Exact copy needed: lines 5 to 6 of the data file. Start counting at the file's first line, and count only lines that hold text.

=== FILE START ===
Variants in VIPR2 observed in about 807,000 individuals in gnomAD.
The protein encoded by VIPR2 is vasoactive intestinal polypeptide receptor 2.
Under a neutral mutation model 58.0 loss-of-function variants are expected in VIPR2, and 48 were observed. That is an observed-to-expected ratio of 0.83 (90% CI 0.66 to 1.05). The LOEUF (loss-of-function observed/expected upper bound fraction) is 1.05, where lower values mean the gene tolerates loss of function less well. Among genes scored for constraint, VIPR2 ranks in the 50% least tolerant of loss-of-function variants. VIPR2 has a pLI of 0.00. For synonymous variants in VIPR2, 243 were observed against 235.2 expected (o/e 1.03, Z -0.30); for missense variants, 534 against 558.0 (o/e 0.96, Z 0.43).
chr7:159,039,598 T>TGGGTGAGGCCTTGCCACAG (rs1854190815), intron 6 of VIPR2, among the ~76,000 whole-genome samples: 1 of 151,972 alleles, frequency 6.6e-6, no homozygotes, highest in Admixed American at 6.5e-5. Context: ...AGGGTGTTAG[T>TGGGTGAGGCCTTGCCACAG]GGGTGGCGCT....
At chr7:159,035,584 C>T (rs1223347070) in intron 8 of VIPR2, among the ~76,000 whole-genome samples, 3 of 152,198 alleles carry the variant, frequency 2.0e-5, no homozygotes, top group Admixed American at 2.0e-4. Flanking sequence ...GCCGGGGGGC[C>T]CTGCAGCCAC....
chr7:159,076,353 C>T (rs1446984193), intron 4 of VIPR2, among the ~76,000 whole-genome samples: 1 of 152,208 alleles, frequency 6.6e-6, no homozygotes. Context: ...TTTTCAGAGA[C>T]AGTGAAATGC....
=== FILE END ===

At chr7:159,035,584 C>T (rs1223347070) in intron 8 of VIPR2, among the ~76,000 whole-genome samples, 3 of 152,198 alleles carry the variant, frequency 2.0e-5, no homozygotes, top group Admixed American at 2.0e-4. Flanking sequence ...GCCGGGGGGC[C>T]CTGCAGCCAC....
chr7:159,076,353 C>T (rs1446984193), intron 4 of VIPR2, among the ~76,000 whole-genome samples: 1 of 152,208 alleles, frequency 6.6e-6, no homozygotes. Context: ...TTTTCAGAGA[C>T]AGTGAAATGC....